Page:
Flag and Pennant
The basis of the flag and pennant chart patterns lies in the sudden price movement, which is then followed by a period of stability, only to be completed by another price movement is the same direction as the first one which signals of the emergence of a trend. Flag and pennant patterns are very short-term and rarely last most than three weeks. They are both continuation patterns.
As you can see in the example below, the pennant pattern resembles the symmetrical triangle one. However, this pattern is short-term, with the two diverging trend lines approaching each other before the movement of the price in an upward direction. See example below.
The flag pattern is different in the sense that the trend lines don’t diverge. Instead, they are parallel in the case of the flag, but the same end result is expected from this pattern, as well. See example below.
The wedge pattern is a bit more complicated than other patterns we’ve viewed so far in the sense that it can be either a continuation or a reversal pattern. It is very similar to the symmetrical triangle in nature, with two significant differences. The first difference is that the wedge patterns follow an upright or downright direction, whereas the symmetrical triangle follows a stable sideway direction. Another important difference between the two patterns is that the wedge tends to be observed over longer periods of time – in most cases between three and six months.
The dual nature of the wedges makes them a bit confusing. They are easy to miss for an initiate in the art of technical analysis, although an experienced analyst can always spot them. To make things easier for you to understand, we will give you general guidelines of how things usually play in regards to these patterns. Note that this might not always be the case. In time, though, if you are truly determined, you will be able to learn how to recognize them. Here’s an example. Say we have a downward wedge (meaning the two trend lines are converging in a downward direction). In most cases, if price breaks upward, then we have a continuation pattern but if it breaks downward, we have a reversal pattern. See example below.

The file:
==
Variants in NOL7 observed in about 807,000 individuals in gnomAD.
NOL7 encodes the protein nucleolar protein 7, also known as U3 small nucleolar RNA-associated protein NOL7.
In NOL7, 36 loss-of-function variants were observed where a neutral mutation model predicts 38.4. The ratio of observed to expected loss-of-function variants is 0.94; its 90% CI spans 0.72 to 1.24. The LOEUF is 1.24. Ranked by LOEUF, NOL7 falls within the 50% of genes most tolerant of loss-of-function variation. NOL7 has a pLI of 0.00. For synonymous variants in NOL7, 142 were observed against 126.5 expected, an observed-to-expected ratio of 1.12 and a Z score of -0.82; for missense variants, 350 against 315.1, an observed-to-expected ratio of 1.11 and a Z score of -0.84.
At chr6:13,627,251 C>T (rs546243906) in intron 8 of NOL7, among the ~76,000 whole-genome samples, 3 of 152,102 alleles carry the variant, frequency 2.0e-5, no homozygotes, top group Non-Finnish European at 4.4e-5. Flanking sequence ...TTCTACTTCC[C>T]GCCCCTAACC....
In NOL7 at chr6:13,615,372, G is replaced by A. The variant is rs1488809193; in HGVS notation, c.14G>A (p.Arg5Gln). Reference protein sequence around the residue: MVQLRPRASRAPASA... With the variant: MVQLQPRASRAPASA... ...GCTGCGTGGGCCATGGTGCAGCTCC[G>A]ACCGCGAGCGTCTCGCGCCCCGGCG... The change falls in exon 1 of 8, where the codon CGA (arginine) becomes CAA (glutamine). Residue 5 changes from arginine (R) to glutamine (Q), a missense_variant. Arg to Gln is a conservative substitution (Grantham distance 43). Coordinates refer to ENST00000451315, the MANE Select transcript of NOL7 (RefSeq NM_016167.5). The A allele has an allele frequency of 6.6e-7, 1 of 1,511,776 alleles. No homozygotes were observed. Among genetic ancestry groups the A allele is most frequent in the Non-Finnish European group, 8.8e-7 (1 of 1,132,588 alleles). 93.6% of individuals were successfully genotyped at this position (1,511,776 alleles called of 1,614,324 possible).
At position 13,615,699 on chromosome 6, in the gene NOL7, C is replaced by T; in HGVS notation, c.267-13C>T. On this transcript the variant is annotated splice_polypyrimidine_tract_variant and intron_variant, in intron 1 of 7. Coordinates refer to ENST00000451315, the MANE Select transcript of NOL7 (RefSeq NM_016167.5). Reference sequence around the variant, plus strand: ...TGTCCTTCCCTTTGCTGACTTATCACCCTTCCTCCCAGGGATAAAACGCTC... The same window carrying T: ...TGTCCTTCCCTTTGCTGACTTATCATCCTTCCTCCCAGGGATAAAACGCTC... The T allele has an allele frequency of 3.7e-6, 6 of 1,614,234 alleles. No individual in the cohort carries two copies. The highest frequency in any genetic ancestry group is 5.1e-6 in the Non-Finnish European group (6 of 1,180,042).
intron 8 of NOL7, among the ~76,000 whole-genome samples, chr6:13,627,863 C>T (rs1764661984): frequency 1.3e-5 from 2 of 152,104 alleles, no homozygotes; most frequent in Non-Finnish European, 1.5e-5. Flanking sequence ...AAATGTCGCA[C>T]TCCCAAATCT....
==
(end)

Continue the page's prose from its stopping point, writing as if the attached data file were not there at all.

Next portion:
A gap is an interesting phenomenon that usually occurs when there is a significant event in the field or niche of an asset. Gaps can be spotted on bar charts and candlestick charts but won’t be seen in line charts or point and figure charts. A gap is momentous difference between the prices in two consecutive trading periods. It can be a significant jump or dip in the price of an asset.
There are three types of gaps. Breakaway gaps form at the beginning of a trend; runaway gaps form in the middle of trends; and finally exhaustion gaps from at the end of a trend.
Triple Tops and Bottoms
Triple tops and bottoms act in a very familiar manner. They closely resemble the double tops and bottoms even though they are much rarer. Like double tops and bottoms, triple tops and bottoms test the resistance or support. Unlike the double tops and bottoms, they do it three times instead of two (as the name suggests). Once again the prices can’t break through which means a reversal of the preceding trend.
The confusing aspect of triple tops and bottoms is that it can closely resemble double tops and bottoms. An inexperienced chartist or analyst might be led to believe that the pattern is double top or bottom in the genesis of the pattern and make hasty decisions. This is why patience is the name of the game when it comes to these types of patterns. Precision is a very important component and this is where the analysts abilities and intuition come into play. He is either going to realize that the emerging pattern is a triple top or bottom or he won’t. However, fear not, as with with experience you will learn to recognize them. Of course, we all make mistakes but this is just the risk of the job.